Gensler: Remarks Upon the 20th Anniversary of the AMF

Chair Gary Gensler

Paris, France (Via video)

Nov. 23, 2023

Bonjour. My thanks to Chair Marie-Anne Barbat-Layani for the opportunity to congratulate the AMF upon your 20th anniversary.

You know, coming together as a securities regulator, you have an important mission. And while it’s not exactly the same as ours here in the U.S. at the SEC, it captures so much of what we both do. Looking out for investors, ensuring that issuers can access the markets, and—I understand from your mission—it’s about ensuring that material information is put out there to investors. It’s about ensuring for the fair and orderly markets that bring those issuers and investors together.

During the last 20 years, the SEC has counted on the AMF as an important partner in fulfilling our respective missions. Again, though our missions differ, I think at their core there’s some real commonality. We’re disclosure-based regulators ensuring that investors get the material information they need and that issuers can rely on a fair, orderly, and efficient market. It’s about ensuring that there’s not fraud or manipulation in those markets as well.

Here at the SEC, we work to make sure that markets are efficient, competitive, resilient, transparent, and worthy of the public’s trust. And I know at the AMF, while the words might be different, you are working towards a very similar set of goals.

I’ve been privileged to serve not only at the SEC but in prior administrations working alongside your earlier AMF. And what I know from those 20 years—13 of which I actually worked with the AMF alongside of you all—I know that we share these joint missions.

I also know that a lot’s changed in these last 20 years, driven by technology, changes of markets, a further globalization of the capital markets, and, yes, the electronification of markets. Both the AMF and the SEC seek to make sure that we still achieve our missions on behalf of investors and issuers alike—and those fair and orderly markets in the middle—given the new times and challenges.

Of course, there’s new challenges on the horizon, the remarkable change of predictive data analytics, and how artificial intelligence has already changed a lot of what’s happening in the capital markets. And how at just a tap of a button or the use of a cell phone, you can trade nearly 24 hours a day, seven days a week, around the globe.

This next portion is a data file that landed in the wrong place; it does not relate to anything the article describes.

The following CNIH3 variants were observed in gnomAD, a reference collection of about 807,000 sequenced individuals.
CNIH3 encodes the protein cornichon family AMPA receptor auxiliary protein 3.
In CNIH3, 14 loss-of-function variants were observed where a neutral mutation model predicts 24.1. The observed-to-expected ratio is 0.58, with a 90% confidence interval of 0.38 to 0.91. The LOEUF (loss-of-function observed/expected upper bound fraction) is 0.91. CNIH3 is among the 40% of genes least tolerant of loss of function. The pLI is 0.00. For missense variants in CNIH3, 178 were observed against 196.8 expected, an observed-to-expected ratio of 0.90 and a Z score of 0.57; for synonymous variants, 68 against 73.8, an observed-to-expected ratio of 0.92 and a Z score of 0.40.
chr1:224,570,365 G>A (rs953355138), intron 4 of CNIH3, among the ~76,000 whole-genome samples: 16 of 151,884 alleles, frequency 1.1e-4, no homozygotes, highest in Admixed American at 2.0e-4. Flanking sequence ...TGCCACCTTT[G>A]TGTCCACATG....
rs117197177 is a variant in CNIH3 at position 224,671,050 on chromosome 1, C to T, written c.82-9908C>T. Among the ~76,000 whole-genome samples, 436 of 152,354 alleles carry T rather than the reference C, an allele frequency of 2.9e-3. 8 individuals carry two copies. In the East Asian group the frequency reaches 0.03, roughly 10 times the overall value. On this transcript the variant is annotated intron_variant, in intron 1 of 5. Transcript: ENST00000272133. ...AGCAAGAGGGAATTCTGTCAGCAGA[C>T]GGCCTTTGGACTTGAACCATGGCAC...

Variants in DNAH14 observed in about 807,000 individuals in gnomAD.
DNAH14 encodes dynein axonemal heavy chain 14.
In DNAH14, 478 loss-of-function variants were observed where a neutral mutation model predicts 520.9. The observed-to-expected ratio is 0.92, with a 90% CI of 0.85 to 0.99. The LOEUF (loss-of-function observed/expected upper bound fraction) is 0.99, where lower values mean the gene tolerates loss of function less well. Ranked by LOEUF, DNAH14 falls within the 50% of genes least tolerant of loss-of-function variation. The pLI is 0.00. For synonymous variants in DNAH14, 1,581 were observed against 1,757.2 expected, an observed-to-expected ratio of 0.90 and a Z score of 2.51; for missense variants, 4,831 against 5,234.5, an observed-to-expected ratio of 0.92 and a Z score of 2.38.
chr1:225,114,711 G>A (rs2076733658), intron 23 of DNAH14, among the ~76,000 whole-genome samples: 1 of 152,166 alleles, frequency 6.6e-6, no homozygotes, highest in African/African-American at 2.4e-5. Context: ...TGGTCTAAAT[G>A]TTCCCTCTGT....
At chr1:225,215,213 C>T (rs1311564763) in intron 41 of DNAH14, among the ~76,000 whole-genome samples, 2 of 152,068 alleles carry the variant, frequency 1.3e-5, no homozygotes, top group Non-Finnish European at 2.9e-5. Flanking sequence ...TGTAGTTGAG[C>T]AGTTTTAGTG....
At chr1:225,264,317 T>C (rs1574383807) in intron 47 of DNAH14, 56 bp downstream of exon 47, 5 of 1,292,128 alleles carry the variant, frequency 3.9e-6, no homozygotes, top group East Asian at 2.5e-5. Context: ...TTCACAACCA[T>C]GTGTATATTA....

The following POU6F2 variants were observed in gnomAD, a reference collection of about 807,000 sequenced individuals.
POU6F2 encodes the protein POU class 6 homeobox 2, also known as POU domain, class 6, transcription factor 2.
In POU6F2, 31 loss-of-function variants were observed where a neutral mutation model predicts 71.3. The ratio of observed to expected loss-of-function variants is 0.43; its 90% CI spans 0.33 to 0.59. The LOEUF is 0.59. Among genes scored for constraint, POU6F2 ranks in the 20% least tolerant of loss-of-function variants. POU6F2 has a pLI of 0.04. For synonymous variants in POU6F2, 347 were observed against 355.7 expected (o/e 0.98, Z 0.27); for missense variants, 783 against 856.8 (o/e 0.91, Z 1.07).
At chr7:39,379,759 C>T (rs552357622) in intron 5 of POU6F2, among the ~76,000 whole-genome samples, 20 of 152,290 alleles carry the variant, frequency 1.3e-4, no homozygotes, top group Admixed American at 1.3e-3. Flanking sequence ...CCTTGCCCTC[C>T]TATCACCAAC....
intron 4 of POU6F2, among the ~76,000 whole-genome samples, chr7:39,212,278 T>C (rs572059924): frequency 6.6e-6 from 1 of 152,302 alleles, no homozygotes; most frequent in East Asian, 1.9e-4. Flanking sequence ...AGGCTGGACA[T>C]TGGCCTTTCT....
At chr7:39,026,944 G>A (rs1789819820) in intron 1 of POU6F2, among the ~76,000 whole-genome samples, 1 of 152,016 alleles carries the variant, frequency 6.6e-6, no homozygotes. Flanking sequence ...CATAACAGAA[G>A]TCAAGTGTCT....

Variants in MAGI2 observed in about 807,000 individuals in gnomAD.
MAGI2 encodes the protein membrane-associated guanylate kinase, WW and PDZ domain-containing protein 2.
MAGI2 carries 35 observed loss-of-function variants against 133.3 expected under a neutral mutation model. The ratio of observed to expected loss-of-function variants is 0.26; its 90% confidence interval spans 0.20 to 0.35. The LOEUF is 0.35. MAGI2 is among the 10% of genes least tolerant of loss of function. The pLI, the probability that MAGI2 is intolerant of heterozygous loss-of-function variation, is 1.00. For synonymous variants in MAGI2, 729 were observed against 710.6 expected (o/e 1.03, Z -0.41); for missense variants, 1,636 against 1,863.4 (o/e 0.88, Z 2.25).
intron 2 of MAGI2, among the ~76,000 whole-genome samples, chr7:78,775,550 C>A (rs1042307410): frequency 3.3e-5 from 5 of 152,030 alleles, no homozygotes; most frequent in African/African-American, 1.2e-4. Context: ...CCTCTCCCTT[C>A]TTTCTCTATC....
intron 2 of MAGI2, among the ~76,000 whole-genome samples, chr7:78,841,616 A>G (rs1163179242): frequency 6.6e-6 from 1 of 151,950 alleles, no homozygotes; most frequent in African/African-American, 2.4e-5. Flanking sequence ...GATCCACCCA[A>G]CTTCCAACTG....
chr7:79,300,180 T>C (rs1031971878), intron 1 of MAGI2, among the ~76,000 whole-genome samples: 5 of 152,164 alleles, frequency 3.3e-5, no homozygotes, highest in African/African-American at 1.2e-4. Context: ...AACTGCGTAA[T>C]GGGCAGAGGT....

I also know from my years of experience working alongside the AMF and knowing the dedicated staff of the SEC that what really makes a good market regulator—or a good supervisor, if I use your term—is somebody who’s dedicated to the public. Somebody who every day comes in with a little bit of humility but comes in fearless to protect the public, to look after those investors and issuers alike, to do right by the public, and instill confidence and trust in the markets.

For me, speaking as chair of the SEC, I can’t help but think of a quote from a critical SEC report that came out 60 years ago, in 1963. The report said, and I quote, “No regulation can be static in a dynamic society.”[1]

You think about that. Everything’s changing so quickly.

Further, the report continued, and I quote, “Unanticipated changes in the markets and the broader public participation should be accompanied by corresponding investor protection.”

The focus on investor protection.

And in recent decades, we’ve seen tremendous growth and change in our capital markets in France and the U.S. alike—more people trading than ever before, using tools and technology that were unavailable and maybe unthinkable even a few years ago. Further, the technology is rapidly evolving. From electronic trading and the cloud, artificial intelligence and predictive data analytics, these changes are transforming how our markets operate, how businesses conduct business, how investors invest.

The challenges that we both face at the AMF and the SEC, I think at the core, are how we continue to drive efficiencies, promote financial stability, meet the match of the bad actors to protect against fraud and manipulation, and yes, modernize our rulesets—as markets grow and evolve.

Our mission—serving Americans here and you serving your public there—demands no less.

After all, no matter how remarkable our country’s respective capital markets are, we cannot take them for granted.

Look, we all know a gold medalist doesn’t become a gold medalist unless they train and they continue to train. Well, I guess given that France will be hosting next year’s Summer Olympics in 2024, this point might already be on your minds.

I congratulate the AMF again on this 20th anniversary. I thank you for working so closely with us here in America these last 20 years. And I wish your team and your public success in the decades to come.

Source: SEC

[1] “Report of Special Study of Securities Markets of the Securities and Exchange Commission” (1963), p. IV, available at